FLT3 inhibitors are not a crowded class at present. Novartis has midostaurin (PKC412) in a Phase III trial (RATIFY) in newly diagnosed AML patients with FLT3 mutations, as well as in Phase II in aggressive systemic mastocytosis. Bayer’s multi-kinase inhibitor Nexavar (sorafenib) for renal and liver cancer and Pfizer’s Sutent (sunitinib) for renal and pancreatic cancer are multiple kinase inhibitors that affect FLT3.
Teva has lestaurtinib (CEP-701), also a multi-kinase inhibitor that has been investigated in relapsed AML, under its 2011 buyout of Cephalon. However, the compound was not referenced in a December 2012 pipeline review for investors by the Israeli pharma.
Meanwhile, China’s SBIO licensed worldwide rights to multi-kinase inhibitor SB1317 to Tragara Pharmaceuticals in 2009 in a deal that could bring SBIO a combined $112.5 million in upfront cash and milestones. Now known as TG02, the compound is being developed in multiple myeloma, chronic lymphocytic leukemia and acute leukemia by San Diego-based Tragara.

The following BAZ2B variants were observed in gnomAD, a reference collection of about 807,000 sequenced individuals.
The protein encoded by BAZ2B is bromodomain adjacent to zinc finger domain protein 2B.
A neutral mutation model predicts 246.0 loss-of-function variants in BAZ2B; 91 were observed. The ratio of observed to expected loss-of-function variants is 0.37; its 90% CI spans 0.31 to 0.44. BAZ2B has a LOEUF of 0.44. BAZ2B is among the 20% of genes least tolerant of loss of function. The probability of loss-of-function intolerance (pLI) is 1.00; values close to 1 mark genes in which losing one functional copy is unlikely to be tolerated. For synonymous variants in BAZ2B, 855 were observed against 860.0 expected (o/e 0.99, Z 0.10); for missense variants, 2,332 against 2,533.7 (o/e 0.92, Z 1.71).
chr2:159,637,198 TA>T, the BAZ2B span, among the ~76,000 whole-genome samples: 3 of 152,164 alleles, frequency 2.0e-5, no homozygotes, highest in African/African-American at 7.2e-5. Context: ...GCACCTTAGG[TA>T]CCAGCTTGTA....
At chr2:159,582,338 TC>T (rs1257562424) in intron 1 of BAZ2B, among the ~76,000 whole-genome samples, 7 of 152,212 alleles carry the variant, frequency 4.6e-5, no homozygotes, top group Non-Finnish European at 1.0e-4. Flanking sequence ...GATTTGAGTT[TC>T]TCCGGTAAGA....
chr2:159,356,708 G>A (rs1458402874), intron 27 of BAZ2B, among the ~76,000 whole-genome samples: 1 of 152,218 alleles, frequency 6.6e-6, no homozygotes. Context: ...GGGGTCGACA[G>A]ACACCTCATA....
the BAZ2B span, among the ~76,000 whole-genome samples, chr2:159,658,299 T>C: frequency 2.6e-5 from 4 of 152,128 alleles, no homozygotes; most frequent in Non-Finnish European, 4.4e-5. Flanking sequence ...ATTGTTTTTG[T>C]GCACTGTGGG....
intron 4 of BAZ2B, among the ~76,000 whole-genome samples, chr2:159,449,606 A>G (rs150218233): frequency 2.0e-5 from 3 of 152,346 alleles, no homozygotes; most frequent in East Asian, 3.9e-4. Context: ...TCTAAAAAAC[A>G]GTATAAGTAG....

In a release to announce the split, Astellas President and CEO Yoshihiko Hatanaka said the decision was made for strategic reasons. “We remain committed to the field of oncology as a major area of focus for the company,” he added. Indeed, in an interview with “The Pink Sheet” a little over one year ago, the exec talked up Astellas’ prospects in cancer, thanks in part to intellectual property obtained in its 2010 buyout of OSI Pharmaceuticals.
That transaction brought Astellas the non-small cell lung cancer drug Tarceva (erlotinib), for which Astellas continues to seek label expansions, including first-line lung cancer. In addition, with Medivation, Astellas obtained FDA approval last September for Xtandi (enzalutamide) in prostate cancer, a setting where it is expected to compete with Johnson & Johnson’s Zytiga (abiraterone).